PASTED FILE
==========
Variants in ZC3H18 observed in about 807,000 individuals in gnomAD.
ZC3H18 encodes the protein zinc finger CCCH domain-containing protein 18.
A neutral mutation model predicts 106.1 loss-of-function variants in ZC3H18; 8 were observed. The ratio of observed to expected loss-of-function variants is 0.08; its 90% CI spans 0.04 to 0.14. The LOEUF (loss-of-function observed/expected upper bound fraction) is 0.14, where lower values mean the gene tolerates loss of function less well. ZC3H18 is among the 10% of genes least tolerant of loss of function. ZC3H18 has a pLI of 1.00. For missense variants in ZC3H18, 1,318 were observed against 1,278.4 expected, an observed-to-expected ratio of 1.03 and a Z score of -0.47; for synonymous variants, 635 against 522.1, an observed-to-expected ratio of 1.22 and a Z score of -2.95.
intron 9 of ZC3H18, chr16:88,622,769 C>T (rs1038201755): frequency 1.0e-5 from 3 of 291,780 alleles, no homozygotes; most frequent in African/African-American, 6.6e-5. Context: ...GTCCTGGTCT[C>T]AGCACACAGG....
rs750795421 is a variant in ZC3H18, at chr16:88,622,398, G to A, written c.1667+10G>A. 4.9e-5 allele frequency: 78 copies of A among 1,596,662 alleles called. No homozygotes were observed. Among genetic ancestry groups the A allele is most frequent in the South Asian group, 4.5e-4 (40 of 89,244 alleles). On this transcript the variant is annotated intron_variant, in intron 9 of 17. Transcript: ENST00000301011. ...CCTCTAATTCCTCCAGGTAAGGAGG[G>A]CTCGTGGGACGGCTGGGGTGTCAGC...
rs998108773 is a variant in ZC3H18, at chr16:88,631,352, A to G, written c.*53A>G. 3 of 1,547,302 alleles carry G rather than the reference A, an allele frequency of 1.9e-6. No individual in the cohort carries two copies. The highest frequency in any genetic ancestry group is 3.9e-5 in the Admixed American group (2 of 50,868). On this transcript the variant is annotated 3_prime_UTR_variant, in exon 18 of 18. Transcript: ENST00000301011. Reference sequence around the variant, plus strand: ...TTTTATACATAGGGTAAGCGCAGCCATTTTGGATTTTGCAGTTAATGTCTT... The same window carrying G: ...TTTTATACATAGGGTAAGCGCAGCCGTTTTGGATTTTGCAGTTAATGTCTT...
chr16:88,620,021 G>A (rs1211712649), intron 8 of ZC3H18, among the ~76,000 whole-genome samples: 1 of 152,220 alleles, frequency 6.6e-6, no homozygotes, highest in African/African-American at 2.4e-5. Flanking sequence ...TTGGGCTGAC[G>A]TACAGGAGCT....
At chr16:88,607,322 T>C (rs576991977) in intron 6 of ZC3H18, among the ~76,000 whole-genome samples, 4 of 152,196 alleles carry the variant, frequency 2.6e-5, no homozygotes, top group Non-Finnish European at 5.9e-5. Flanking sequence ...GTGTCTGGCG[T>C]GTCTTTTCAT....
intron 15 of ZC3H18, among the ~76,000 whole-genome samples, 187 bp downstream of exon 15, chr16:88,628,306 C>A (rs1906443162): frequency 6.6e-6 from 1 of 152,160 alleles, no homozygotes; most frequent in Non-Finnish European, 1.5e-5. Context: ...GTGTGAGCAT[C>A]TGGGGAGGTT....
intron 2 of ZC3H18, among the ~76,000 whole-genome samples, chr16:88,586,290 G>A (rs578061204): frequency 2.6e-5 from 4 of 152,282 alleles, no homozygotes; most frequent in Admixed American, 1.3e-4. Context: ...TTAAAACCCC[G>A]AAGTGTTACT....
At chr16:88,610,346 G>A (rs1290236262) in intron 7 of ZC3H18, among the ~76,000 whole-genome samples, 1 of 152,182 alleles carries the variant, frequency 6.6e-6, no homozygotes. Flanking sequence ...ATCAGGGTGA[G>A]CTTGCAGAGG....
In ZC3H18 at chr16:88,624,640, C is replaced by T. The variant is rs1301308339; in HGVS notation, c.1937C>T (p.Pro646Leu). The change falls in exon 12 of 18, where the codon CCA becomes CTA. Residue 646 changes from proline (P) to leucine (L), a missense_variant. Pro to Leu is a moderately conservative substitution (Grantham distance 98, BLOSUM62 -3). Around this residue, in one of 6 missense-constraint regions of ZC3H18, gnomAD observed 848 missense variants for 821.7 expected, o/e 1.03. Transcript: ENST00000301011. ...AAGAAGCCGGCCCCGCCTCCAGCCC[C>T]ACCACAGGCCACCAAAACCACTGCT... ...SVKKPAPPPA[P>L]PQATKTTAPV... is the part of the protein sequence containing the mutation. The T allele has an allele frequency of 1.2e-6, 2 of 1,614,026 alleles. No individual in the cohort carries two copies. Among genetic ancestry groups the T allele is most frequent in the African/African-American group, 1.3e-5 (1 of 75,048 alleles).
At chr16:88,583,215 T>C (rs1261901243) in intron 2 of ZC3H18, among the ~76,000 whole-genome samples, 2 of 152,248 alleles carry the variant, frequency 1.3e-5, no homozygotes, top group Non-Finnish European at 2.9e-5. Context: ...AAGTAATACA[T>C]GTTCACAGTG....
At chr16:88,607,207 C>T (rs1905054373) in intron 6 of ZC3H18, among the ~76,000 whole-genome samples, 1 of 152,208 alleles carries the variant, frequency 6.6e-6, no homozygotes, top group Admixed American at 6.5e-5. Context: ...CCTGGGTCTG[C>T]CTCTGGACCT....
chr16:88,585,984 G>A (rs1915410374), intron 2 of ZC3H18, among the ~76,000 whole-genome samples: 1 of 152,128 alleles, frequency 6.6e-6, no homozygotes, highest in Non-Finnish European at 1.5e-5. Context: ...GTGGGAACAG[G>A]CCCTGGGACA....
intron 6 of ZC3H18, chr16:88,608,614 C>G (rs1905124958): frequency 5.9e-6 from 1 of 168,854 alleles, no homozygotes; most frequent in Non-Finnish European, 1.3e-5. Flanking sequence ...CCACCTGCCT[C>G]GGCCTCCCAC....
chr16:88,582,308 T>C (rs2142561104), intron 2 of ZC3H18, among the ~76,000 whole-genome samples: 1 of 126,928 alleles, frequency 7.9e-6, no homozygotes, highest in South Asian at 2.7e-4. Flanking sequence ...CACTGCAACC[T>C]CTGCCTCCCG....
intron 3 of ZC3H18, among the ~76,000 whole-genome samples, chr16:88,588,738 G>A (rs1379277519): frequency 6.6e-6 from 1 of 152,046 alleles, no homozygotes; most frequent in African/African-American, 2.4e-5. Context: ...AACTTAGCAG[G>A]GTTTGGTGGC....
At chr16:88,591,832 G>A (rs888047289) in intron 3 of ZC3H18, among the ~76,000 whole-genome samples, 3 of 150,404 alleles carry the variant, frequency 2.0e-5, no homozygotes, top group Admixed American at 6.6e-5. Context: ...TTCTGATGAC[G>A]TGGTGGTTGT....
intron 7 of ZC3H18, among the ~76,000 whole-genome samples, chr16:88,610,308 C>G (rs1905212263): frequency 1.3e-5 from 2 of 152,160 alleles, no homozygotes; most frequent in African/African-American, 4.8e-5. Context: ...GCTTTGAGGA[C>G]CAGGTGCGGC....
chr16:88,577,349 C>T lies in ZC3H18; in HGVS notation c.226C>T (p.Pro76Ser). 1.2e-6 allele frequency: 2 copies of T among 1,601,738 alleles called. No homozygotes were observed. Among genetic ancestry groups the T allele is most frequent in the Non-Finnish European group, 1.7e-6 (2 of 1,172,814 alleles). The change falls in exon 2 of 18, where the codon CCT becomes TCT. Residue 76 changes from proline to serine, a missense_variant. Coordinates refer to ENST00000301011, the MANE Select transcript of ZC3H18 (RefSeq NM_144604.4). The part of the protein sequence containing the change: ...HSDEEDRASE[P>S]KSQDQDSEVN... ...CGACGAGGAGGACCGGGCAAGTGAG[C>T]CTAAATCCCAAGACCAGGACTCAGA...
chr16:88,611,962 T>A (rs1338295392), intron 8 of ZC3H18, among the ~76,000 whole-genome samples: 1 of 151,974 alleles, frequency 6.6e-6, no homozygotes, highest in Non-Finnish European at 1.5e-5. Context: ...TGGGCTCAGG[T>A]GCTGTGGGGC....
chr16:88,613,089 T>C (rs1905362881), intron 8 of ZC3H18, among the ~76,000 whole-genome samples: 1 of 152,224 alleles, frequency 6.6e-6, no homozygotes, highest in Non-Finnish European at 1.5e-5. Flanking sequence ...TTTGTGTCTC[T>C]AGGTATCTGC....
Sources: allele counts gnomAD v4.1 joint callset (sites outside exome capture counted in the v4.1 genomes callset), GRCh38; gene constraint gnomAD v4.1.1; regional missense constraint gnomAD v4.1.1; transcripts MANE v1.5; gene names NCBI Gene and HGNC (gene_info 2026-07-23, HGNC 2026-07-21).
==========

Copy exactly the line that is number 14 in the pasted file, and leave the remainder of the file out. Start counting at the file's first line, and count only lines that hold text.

At chr16:88,607,207 C>T (rs1905054373) in intron 6 of ZC3H18, among the ~76,000 whole-genome samples, 1 of 152,208 alleles carries the variant, frequency 6.6e-6, no homozygotes, top group Admixed American at 6.5e-5. Context: ...CCTGGGTCTG[C>T]CTCTGGACCT....